At the end of Lent, we would then donate all the money to help provide for those in need. They were very excited and asked to decorate their “Lenten Box” this morning.  They are brainstorming ideas on how to help people (and who to help) so that they can feed their frog.

I haven’t decided whether we will turn the money into our Parish or whether we will donate outright to a charity. If you have suggestions or volunteer with a worthy cause, please leave a comment! I’d love to hear about causes close to your hearts and whether or not we could donate to them!

En Español:

Recuerdo la primera vez que vi la pobreza. Era 1989 y mi familia tomó un mes para conducir a México para visitar a nuestros abuelos. Mientras no estábamos ricos, estábamos cómodos en una manera muy Americana. Teníamos una casa. Teníamos un jardín. Teníamos ropa, zapatos y suficiente para comer. Y cuando era niño, este era el tipo de mundo en el que asumí que todos vivían.

Cuando cruzamos a Juárez, México, me introdujeron en un mundo diferente. Las distinciones eran para mí evidentes en todas partes. Las casas de colores brillantes de yeso. Había niños jugando en las calles, con perros, jugando al fútbol. Había mercados de esquina abiertos llenos de dulces y golosinas. Y había gente, en algunos casos mutilada o físicamente discapacitada, pidiendo dinero.

La pobreza se produce en todas partes, pero esta fue la primera vez que me di cuenta y yo todavía era bastante joven. Como un adulto, puedo detectar a las personas que luchan en mi propia ciudad. Veo gente pidiendo dinero en las esquinas de las calles de Chicago todos los días. Pero, uno de los beneficios del viaje es que usted mira el mundo alrededor de usted con el interés renovado porque nada es familiar. Ese sentimiento de asombro se mantuvo conmigo, incluso después de todos estos años.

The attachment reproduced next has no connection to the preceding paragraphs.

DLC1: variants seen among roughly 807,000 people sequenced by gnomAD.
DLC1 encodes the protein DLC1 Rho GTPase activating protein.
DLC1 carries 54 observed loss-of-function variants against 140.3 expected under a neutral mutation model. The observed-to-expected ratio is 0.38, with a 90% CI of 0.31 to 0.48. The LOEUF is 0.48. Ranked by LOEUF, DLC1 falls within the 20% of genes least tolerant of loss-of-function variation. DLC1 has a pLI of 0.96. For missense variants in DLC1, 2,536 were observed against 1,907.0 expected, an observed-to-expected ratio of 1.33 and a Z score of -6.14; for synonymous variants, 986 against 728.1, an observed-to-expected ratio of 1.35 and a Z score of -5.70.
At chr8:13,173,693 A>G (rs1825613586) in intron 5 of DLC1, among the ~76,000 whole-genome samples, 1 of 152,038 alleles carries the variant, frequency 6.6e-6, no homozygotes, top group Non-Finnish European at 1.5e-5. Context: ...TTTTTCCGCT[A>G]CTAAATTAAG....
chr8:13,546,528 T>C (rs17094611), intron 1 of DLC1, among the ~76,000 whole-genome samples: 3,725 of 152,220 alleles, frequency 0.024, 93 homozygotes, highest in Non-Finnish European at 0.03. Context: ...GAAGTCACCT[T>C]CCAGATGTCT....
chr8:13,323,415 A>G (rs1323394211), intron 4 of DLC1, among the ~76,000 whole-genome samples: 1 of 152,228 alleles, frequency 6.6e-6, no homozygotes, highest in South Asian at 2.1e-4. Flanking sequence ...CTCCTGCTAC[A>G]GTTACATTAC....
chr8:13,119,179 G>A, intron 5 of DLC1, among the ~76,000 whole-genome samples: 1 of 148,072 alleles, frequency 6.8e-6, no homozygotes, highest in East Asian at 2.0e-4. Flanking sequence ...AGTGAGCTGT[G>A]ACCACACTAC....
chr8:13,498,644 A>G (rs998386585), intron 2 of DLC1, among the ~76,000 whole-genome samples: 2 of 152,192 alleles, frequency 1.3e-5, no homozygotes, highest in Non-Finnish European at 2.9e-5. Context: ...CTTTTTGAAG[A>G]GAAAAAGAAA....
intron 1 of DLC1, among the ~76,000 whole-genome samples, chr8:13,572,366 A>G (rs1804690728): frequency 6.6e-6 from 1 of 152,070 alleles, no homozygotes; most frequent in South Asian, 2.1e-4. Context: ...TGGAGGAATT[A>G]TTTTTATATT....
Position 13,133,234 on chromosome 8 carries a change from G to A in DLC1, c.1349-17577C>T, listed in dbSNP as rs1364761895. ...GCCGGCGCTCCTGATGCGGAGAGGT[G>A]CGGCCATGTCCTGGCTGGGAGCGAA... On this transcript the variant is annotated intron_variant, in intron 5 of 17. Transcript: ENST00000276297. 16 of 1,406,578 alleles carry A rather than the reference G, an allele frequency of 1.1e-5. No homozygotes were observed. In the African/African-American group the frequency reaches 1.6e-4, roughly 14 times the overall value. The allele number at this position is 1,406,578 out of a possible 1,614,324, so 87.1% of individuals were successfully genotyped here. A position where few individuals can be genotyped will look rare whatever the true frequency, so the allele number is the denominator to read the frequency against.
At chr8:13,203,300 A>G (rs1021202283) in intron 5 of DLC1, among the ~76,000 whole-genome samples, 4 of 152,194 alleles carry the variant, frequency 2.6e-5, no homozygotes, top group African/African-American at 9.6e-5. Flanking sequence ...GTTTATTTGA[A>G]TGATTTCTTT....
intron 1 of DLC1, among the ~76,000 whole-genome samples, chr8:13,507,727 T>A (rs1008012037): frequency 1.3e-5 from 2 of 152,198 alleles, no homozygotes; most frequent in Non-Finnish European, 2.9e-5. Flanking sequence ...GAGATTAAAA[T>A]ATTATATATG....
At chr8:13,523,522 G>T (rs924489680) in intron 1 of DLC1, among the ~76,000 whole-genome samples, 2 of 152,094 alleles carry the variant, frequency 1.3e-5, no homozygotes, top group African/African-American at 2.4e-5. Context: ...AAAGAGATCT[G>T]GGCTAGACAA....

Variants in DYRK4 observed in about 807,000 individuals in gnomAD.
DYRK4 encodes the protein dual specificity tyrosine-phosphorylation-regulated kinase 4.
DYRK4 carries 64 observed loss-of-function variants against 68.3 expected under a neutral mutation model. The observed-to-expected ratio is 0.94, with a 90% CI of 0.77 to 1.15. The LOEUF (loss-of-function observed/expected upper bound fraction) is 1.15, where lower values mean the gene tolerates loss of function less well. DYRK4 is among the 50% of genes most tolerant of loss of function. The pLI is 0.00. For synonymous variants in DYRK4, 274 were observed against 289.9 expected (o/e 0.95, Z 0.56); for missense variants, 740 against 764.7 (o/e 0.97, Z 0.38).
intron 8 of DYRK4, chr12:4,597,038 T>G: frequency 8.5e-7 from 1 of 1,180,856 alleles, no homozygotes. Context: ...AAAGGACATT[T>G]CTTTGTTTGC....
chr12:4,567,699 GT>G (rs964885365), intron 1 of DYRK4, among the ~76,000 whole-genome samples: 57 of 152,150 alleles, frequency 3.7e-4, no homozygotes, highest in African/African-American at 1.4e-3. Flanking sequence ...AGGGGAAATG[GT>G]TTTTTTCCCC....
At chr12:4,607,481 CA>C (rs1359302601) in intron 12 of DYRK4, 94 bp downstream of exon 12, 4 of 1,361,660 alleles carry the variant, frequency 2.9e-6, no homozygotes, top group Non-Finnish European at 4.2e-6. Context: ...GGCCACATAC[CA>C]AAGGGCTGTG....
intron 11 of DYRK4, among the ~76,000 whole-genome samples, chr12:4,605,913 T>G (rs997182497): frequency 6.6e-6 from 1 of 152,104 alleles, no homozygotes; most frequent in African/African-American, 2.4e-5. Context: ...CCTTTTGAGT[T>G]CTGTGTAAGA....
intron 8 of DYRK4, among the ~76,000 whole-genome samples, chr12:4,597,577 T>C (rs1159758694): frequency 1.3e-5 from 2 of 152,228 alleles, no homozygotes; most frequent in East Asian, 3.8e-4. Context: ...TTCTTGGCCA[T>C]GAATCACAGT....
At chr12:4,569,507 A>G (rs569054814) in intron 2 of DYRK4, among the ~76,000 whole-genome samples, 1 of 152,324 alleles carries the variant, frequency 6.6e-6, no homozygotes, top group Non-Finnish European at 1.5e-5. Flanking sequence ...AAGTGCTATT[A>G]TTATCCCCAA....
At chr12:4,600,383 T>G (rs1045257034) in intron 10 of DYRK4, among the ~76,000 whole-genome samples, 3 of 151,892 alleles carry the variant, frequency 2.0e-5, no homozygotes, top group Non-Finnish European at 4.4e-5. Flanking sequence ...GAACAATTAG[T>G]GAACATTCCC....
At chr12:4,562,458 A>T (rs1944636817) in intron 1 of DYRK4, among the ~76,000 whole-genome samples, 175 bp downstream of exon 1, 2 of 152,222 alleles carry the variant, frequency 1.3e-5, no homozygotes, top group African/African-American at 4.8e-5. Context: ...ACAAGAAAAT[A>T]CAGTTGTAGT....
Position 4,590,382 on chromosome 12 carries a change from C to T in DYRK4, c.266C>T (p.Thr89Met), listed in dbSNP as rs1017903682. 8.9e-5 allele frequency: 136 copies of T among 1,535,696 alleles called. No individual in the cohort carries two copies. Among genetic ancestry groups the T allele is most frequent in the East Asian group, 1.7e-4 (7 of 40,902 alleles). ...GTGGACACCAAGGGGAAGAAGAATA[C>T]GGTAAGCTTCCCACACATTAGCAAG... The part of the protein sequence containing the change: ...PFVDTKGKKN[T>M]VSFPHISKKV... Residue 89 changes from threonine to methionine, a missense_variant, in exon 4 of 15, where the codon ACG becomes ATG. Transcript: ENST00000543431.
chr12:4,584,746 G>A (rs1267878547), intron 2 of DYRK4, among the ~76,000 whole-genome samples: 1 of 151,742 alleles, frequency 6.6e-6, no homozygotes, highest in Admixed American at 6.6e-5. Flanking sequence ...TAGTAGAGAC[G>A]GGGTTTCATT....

Para la Cuaresma, les dije a las chicas que estamos entrando en un período de servicio. Le expliqué que esto significa que tratamos de hacer buenas acciones que ayuden a otros. Les dije que si ayudan con ciertas tareas en la casa o con la familia, les doy dinero (no reciben actualmente una asignación) y que el dinero irá a su “Banco de Cuaresma”.

Al final de Cuaresma, entonces donaremos todo el dinero para ayudar a proveer para aquellos que lo necesitan. Estaban muy emocionados y pidieron que decoraran su “Cuaderno” esta mañana. Son ideas de lluvia de ideas sobre cómo ayudar a las personas (y que para ayudar) para que puedan alimentar a su rana.

No he decidido si invertiremos el dinero en nuestra parroquia o si donaremos directamente a una organización benéfica. Si usted tiene sugerencias o voluntarios con una causa digna, por favor deje un comentario! Me encantaría escuchar acerca de las causas cercanas a sus corazones y si o no podíamos donar a ellos!

 

 

 

Mardi Gras: a celebration

As a Latina, I’ve always celebrated holidays with friends and family. My grandmother always made it a point to make every holiday a little special for us. And now, my extended family always makes an effort to celebrate their traditions with the girls, ensuring the cultural significance gets passed down to the next generation.

Mardi Gras in a Latin-Catholic family is about shiny necklaces, sparkly masks made of paper and then the last sad goodbye to whatever treat or activity that you will give up for the Lenten season. In my husband’s Italian family, they tend to focus on amazing food, which just elevates the celebration!

This year, Mike just returned from a trip abroad and so we’ve been fortunate to ramp up for Mardi Gras with new masks from Italy:

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The girls received buckets of beads while their cousin was attending Loyola in NOLA. Olivia is VERY excited to wear hers to school: